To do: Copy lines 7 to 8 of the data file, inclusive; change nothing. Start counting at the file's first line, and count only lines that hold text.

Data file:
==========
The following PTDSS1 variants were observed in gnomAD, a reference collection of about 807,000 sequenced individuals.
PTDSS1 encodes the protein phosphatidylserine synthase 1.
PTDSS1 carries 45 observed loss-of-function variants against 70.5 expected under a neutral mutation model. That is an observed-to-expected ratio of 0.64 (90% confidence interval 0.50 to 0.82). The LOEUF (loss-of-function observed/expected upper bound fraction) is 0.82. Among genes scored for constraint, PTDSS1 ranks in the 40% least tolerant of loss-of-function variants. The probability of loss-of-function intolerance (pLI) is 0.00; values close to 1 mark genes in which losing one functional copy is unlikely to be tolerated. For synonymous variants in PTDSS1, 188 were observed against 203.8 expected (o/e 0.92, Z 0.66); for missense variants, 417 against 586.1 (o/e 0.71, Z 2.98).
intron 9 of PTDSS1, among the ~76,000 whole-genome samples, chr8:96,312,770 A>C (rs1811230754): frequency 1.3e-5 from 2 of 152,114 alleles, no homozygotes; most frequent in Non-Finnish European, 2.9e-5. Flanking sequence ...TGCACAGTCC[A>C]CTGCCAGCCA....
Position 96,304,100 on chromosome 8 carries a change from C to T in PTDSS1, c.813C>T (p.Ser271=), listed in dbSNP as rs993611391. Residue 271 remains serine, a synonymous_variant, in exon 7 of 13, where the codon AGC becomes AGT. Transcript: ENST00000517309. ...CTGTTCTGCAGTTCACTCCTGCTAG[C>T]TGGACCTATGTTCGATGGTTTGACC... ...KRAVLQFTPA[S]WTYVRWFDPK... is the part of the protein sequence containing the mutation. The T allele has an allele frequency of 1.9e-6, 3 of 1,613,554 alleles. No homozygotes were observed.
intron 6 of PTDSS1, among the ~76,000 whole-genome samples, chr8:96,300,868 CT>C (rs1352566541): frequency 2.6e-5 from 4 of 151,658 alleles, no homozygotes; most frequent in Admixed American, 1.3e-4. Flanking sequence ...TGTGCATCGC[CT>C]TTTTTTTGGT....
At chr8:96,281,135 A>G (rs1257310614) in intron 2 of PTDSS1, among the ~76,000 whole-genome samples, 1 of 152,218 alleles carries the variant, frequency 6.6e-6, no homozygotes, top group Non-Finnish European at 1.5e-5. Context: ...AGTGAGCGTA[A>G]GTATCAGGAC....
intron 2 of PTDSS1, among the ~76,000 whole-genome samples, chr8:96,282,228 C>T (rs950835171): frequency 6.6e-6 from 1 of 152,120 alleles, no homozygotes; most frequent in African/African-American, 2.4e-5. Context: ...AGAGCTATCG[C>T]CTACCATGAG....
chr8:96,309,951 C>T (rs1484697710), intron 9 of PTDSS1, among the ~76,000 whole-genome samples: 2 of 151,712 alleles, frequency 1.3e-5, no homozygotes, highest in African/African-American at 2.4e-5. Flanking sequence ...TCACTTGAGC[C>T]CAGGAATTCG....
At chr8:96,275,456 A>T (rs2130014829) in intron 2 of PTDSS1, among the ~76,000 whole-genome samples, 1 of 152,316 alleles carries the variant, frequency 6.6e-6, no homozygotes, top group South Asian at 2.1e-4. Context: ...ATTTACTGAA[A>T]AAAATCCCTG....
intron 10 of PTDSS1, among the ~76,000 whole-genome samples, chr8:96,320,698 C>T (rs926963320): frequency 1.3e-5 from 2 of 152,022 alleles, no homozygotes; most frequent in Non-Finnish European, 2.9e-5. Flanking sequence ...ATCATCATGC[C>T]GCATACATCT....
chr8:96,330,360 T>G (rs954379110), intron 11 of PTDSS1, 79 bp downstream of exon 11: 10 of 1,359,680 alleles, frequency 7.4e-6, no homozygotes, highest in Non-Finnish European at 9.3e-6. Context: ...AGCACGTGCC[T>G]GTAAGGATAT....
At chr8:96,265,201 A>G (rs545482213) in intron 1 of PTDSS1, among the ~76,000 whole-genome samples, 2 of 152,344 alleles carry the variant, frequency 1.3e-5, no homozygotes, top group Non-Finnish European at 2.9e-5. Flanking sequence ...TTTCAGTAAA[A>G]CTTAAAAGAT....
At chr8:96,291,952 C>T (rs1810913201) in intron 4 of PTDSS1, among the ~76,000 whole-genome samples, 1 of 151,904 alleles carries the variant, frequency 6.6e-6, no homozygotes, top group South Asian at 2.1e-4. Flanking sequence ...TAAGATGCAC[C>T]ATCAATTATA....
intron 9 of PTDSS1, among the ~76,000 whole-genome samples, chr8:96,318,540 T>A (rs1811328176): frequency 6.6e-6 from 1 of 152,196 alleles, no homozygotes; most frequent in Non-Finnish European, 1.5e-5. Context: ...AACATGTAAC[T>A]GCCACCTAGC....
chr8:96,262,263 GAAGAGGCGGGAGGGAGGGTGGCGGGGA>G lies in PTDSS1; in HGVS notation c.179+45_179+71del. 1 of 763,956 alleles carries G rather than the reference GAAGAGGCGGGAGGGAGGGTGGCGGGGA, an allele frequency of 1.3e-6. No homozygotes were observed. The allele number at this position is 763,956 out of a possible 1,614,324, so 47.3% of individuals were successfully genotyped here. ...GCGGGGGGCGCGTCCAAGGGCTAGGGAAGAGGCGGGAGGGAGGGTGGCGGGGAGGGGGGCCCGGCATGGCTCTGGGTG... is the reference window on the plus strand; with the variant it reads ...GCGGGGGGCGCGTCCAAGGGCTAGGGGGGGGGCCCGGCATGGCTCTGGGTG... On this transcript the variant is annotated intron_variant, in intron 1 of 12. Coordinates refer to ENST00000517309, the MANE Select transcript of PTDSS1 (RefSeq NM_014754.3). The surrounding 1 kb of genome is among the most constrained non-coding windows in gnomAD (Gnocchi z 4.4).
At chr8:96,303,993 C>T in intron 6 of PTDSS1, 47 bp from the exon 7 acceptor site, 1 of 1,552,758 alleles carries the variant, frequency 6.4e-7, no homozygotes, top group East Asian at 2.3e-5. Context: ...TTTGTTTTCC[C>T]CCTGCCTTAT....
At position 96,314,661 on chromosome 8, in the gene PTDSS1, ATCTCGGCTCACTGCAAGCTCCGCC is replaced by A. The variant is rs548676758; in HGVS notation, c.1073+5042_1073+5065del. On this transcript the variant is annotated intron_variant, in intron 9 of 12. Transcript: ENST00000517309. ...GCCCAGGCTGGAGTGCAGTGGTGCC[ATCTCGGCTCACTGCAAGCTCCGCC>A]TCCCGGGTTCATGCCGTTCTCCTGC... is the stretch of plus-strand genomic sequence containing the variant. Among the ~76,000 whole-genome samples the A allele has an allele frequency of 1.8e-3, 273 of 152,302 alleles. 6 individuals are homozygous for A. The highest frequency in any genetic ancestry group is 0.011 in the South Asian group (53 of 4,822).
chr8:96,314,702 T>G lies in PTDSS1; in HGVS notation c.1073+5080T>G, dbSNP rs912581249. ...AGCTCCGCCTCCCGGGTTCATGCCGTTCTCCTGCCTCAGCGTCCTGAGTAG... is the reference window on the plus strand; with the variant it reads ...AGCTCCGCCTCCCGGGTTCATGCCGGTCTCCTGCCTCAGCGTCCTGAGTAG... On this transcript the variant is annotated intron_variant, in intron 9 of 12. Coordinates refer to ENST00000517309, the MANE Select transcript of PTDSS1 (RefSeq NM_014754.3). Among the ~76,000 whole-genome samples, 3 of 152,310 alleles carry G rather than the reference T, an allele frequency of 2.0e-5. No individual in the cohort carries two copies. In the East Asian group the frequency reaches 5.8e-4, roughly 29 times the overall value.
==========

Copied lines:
At chr8:96,281,135 A>G (rs1257310614) in intron 2 of PTDSS1, among the ~76,000 whole-genome samples, 1 of 152,218 alleles carries the variant, frequency 6.6e-6, no homozygotes, top group Non-Finnish European at 1.5e-5. Context: ...AGTGAGCGTA[A>G]GTATCAGGAC....
intron 2 of PTDSS1, among the ~76,000 whole-genome samples, chr8:96,282,228 C>T (rs950835171): frequency 6.6e-6 from 1 of 152,120 alleles, no homozygotes; most frequent in African/African-American, 2.4e-5. Context: ...AGAGCTATCG[C>T]CTACCATGAG....